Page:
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Peristaltic transport of bi-viscosity fluids through a curved tube : a mathematical model for intestinal flow

Tripathi, D, Akbar, NS, Khan, ZH and Beg, OA 2016, 'Peristaltic transport of bi-viscosity fluids through a curved tube : a mathematical model for intestinal flow' , Proceedings of the Institution of Mechanical Engineers, Part H: J, 230 (9) , pp. 817-828.

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Abstract

The human intestinal tract is a long curved tube constituting the final section of the digestive system in which nutrients and water are mostly absorbed. Motivated by the dynamics of chyme in the intestine, a mathematical model is developed to simulate the associated transport phenomena via peristaltic transport. Rheology of chyme is modelled using the Nakamura-Sawada bi-viscosity non-Newtonian formulation. The intestinal tract is considered as a curved tube geometric model. Low Reynolds number (creeping hydrodynamics) and long wavelength approximations are taken into consideration.Analytical solutions of the moving boundary value problem are derived for velocity field,pressure gradient and pressure rise. Streamline flow visualization is achieved with Mathematica symbolic software. Peristaltic pumping phenomenon and trapping of the bolus are also examined. The influence of curvature parameter, apparent viscosity coefficient (rheological parameter) and volumetric flow rate on flow characteristics is described. Validation of analytical solutions is achieved with a MAPLE17 numerical quadrature algorithm. The work is relevant to improving understanding of gastric hydrodynamics and provides a benchmark for further computational fluid dynamics (CFD) simulations.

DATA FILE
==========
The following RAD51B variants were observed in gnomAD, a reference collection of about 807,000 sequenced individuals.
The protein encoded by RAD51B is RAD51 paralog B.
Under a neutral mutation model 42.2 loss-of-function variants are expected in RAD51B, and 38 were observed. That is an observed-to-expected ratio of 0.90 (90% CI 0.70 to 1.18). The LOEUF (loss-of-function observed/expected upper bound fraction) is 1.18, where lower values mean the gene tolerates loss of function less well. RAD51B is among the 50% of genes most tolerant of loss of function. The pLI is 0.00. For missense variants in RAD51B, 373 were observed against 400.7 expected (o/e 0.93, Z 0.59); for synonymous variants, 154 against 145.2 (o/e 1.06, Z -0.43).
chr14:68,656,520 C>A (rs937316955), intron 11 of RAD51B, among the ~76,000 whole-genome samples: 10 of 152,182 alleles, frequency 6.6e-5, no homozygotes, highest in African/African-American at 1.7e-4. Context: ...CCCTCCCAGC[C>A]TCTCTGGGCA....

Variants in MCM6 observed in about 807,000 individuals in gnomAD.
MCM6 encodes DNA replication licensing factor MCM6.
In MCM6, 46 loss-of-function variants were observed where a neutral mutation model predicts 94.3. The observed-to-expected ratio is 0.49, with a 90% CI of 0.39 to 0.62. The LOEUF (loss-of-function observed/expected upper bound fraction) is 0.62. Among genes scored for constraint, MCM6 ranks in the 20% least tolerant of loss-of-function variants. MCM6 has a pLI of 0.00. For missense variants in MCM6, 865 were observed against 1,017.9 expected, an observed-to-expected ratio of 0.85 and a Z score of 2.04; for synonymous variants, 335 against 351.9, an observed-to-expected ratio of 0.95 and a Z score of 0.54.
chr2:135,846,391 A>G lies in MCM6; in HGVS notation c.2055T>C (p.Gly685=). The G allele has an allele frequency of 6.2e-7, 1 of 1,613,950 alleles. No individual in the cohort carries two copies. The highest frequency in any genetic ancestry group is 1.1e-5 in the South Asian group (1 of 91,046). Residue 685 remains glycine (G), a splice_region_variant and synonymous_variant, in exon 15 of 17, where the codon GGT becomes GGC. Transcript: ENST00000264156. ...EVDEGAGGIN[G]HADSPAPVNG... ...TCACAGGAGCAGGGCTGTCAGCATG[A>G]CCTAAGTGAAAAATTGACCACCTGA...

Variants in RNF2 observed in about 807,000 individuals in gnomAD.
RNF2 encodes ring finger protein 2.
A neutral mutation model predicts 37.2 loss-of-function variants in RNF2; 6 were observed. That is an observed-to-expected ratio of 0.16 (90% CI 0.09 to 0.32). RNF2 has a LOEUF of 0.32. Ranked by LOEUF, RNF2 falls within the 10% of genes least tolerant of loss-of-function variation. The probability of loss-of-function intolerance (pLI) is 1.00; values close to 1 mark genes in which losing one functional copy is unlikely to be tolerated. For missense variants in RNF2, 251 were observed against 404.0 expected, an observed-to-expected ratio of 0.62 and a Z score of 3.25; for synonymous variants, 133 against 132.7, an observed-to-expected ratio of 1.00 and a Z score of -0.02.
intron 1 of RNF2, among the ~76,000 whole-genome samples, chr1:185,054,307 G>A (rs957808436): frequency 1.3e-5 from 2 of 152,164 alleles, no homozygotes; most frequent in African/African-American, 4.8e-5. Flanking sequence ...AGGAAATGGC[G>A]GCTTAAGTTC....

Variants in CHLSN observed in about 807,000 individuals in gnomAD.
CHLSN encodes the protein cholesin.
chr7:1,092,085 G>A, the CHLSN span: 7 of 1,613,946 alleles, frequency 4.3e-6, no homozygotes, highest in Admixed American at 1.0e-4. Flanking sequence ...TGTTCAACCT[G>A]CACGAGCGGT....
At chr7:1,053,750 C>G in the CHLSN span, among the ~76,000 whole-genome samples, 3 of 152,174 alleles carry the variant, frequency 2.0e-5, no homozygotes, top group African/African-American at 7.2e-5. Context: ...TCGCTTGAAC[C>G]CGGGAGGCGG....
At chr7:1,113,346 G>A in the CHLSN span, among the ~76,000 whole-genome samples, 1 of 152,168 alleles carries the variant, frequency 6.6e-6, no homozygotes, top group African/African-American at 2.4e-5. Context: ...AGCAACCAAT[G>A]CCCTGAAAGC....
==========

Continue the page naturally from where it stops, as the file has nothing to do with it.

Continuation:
Item Type: Article
Schools: Schools > School of Computing, Science and Engineering > Salford Innovation Research Centre (SIRC)
Journal or Publication Title: Proceedings of the Institution of Mechanical Engineers, Part H: J
Publisher: SAGE Publications
ISSN: 0954-4119
Related URLs:
Funders: Non funded research
Depositing User: WM Taylor
Date Deposited: 20 Sep 2016 10:10
Last Modified: 20 Sep 2016 10:10
URI: http://usir.salford.ac.uk/id/eprint/40153

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